The world supply of magnets is a hot topic. The Chinese bought General Motors’ Magnaquench company some years ago and have on their soil one of the largest developed mines of rare earth elements in the world. According to some analysts, China controls 95% of the supply of Neodymium magnets in the entire world.
Pretty weird. From a couple of different perspectives.
First of all, the original discovery of Neodymium Iron Boron as a high performance magnet material was paid for by the US military in 1982. General Motors developed a process that took liquid metal at high temperature, rapidly cooling the material in a spray cast process that resulted in a high quality magnetic material. So this should go in the history books as another breakthrough of American technology.
The original goal was to find a replacement for Samarium Cobalt which has always been a tricky material to deal with due to the wild fluctuations in the cost of Cobalt. The other implication here is the fact that the US military felt it was important to maintain stable supply of permanent magnets for missile guidance. So that makes the sale of Magnaquench to Archibald Cox, who then sold it to the Chinese, a very peculiar thing. If there was a strategic military interest in permanent magnets, it was not part of the consideration when we lost Magnaquench.
While GM was planning on reduced size and weight for its engine starters as the benefit of neodymium, the entire servomotor industry is standardized on neodymium magnets for its motors. At almost $1Bil a year in servomotors sold in the US each year, this is a pretty big deal.
The financial markets have been having a heyday with the situation. Speculation is rife that the Chinese government will continue to tighten supply of Neodymium magnets to the rest of the world. So in addition to the natural effect that pricing will rise due to short supply, speculators will drive prices even higher in the next couple of years as the situation worsens.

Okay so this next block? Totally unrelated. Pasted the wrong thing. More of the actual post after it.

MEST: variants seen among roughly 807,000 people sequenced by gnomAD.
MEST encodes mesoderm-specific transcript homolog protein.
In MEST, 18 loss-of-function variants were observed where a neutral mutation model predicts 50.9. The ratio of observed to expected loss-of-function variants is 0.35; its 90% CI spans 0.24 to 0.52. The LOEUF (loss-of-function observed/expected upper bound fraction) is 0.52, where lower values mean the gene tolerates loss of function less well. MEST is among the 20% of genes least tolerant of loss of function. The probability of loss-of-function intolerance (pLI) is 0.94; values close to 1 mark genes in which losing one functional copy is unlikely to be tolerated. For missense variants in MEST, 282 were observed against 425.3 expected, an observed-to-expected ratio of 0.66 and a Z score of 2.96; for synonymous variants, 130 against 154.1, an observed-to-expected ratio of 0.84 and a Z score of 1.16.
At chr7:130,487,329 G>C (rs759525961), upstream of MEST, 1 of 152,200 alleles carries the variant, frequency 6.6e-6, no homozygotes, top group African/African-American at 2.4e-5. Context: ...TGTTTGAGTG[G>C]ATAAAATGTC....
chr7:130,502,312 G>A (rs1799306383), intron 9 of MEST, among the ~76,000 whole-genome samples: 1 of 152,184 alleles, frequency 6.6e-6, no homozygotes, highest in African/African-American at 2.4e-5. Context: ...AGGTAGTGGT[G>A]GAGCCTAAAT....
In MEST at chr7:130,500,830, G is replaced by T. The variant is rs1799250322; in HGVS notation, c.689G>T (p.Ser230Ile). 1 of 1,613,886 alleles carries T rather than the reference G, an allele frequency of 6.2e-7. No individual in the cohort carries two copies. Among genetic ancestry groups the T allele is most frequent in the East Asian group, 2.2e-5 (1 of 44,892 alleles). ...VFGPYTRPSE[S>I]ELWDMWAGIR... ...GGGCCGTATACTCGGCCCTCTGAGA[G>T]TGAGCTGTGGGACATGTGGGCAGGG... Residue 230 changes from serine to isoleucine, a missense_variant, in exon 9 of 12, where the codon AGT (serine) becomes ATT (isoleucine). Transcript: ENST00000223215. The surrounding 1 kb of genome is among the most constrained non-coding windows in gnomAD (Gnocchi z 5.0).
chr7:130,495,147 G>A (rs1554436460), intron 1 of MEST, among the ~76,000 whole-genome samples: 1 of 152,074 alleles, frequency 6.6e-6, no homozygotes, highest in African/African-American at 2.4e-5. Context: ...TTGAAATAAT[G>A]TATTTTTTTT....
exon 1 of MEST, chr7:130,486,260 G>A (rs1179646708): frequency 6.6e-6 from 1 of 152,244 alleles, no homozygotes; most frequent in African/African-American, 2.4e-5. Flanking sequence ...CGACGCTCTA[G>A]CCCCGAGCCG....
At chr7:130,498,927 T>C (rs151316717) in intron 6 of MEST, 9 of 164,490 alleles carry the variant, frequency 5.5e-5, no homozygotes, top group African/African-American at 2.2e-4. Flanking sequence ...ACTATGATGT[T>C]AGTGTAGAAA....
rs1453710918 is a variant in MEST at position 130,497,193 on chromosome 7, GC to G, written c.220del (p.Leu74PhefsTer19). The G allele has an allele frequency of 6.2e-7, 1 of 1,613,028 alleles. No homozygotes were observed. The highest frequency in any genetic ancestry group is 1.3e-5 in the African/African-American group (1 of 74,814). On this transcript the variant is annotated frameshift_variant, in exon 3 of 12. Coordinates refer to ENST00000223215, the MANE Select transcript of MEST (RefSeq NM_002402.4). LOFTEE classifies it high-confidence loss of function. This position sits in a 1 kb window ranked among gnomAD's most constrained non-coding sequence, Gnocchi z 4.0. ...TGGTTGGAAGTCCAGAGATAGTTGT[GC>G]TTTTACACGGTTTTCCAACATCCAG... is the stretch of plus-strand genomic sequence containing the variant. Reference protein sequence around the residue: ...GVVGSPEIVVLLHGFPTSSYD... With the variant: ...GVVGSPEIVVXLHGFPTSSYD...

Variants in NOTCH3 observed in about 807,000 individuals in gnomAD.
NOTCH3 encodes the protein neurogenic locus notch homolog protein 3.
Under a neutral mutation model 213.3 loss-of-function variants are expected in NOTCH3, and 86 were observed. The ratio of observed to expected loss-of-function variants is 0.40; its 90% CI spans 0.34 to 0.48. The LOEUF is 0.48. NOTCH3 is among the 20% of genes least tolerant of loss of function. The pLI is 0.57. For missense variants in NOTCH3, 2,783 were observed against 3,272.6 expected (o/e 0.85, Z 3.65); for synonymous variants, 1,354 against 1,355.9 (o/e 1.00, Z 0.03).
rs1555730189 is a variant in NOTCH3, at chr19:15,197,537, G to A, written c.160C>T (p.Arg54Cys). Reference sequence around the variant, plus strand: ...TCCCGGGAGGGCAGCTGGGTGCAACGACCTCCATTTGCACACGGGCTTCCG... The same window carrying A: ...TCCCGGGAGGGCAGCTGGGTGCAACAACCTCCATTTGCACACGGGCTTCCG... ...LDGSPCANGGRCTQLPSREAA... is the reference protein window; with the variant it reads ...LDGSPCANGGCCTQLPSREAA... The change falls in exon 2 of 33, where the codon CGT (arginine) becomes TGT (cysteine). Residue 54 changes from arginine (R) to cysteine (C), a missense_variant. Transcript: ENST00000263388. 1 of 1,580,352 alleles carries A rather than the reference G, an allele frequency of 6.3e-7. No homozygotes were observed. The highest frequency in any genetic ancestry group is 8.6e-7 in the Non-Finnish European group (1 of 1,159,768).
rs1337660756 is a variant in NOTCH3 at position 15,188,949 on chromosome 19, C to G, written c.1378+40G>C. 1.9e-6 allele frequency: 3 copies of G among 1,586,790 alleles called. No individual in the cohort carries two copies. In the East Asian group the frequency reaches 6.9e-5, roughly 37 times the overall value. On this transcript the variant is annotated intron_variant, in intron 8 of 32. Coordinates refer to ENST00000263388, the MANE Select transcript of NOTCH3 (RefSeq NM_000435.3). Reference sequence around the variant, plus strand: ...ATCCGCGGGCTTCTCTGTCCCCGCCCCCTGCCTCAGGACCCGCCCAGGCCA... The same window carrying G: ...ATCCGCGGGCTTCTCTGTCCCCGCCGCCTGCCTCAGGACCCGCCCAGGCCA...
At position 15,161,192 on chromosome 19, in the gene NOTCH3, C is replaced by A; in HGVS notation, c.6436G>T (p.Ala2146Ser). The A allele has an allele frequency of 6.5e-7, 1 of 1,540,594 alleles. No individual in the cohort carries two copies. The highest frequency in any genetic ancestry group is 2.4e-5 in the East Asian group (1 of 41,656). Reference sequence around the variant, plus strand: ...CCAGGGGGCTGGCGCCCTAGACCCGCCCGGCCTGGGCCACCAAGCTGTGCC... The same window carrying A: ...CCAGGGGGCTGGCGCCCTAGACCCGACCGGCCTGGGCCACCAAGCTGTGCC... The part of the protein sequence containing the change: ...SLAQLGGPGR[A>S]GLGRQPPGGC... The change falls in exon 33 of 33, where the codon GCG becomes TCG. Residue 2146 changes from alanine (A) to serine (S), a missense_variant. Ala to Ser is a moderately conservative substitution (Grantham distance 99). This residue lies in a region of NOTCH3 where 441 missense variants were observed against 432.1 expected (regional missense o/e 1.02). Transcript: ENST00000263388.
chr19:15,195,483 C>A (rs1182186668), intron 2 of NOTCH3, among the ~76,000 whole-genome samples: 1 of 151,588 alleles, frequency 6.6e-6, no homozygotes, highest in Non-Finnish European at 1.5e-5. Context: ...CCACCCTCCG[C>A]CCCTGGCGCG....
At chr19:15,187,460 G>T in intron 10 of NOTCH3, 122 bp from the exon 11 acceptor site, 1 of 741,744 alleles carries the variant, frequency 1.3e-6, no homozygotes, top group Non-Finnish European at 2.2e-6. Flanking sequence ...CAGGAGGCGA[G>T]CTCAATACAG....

And the reason Neodymium magnets are in such demand is that they make great electric motors for industrial automation and for powering electric cars. So as the electric and hybrid electric manufacturing comes on line, tons of new supply will be needed. The current plan for wind power also requires large amounts of permanent magnets. So a lot of the “Green Revolution” will depend on the availability of these materials.
Having attended a couple of industry conferences on magnetics, I have become plugged in to the current state of the industry. There are huge deposits of ore in the US and Australia. Actually, neodymium is not particularly rare, which means it isn’t terribly expensive. But dysprosium, which is needed to stabilize the neodymium magnet against high temperature demagnetization, is quite a bit more rare and makes the permanent magnet a lot more expensive.
The rare earth elements all occur together in the ores, and when the mines are developed, they are graded carefully for the yield per ton of about a dozen different rare earth elements. So the really important fact is that the two largest rare earth mines in the world, in California and in Australia, will be extremely important in restoring the balance of supply in the near future.
And, in fact, the California mine is already well on its way to supplying the US’s needs. Because people in the industry, and American and international investors, were smart enough to see the future coming.